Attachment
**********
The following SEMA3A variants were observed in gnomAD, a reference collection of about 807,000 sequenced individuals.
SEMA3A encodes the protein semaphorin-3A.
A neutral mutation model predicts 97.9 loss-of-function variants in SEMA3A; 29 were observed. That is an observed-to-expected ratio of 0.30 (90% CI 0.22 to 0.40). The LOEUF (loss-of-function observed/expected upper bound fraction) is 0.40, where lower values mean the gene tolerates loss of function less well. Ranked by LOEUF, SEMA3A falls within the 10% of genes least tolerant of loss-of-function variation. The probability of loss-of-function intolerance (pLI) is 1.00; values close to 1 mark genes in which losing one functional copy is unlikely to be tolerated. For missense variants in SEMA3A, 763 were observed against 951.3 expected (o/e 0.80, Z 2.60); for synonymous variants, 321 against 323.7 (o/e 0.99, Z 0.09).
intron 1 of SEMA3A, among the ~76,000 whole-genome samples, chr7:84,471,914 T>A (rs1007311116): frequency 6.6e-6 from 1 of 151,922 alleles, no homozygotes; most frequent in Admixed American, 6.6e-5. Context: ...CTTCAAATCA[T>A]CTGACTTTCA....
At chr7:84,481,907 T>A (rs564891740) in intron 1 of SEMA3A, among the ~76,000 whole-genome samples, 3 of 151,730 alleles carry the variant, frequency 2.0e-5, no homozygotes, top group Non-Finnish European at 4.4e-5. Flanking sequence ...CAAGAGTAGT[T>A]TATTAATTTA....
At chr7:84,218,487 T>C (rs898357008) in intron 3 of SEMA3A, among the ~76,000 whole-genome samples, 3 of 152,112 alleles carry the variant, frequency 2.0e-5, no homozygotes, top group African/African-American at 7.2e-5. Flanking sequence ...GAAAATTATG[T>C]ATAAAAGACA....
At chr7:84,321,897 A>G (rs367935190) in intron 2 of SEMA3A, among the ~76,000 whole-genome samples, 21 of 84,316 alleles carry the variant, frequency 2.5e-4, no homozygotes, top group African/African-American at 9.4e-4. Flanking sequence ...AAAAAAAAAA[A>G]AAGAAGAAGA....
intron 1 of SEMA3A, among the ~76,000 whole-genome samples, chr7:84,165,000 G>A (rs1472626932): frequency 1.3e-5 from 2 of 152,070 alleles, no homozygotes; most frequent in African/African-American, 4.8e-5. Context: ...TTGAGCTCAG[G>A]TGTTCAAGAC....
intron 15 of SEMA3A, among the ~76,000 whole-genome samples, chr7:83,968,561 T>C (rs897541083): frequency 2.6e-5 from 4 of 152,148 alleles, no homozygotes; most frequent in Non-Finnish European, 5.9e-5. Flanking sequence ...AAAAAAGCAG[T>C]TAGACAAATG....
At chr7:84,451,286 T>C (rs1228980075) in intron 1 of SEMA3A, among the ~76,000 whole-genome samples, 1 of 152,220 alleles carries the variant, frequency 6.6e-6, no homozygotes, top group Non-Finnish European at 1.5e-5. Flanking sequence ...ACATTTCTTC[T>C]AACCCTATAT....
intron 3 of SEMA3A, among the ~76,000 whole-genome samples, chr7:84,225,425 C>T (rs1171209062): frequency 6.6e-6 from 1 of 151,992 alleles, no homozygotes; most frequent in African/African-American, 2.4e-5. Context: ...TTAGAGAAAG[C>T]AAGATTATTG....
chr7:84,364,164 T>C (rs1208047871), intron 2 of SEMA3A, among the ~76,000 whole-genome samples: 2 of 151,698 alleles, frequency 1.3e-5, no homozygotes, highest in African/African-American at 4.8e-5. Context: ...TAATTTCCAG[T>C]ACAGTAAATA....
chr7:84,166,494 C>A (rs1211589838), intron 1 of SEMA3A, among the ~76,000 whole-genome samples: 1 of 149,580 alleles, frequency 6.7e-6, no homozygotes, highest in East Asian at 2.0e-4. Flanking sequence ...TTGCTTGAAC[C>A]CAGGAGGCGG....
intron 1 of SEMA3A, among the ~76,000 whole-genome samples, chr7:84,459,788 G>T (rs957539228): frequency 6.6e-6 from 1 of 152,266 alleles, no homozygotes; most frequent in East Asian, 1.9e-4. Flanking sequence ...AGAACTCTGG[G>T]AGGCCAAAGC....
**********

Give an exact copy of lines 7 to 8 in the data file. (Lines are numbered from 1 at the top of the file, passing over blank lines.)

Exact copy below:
At chr7:84,321,897 A>G (rs367935190) in intron 2 of SEMA3A, among the ~76,000 whole-genome samples, 21 of 84,316 alleles carry the variant, frequency 2.5e-4, no homozygotes, top group African/African-American at 9.4e-4. Flanking sequence ...AAAAAAAAAA[A>G]AAGAAGAAGA....
intron 1 of SEMA3A, among the ~76,000 whole-genome samples, chr7:84,165,000 G>A (rs1472626932): frequency 1.3e-5 from 2 of 152,070 alleles, no homozygotes; most frequent in African/African-American, 4.8e-5. Context: ...TTGAGCTCAG[G>A]TGTTCAAGAC....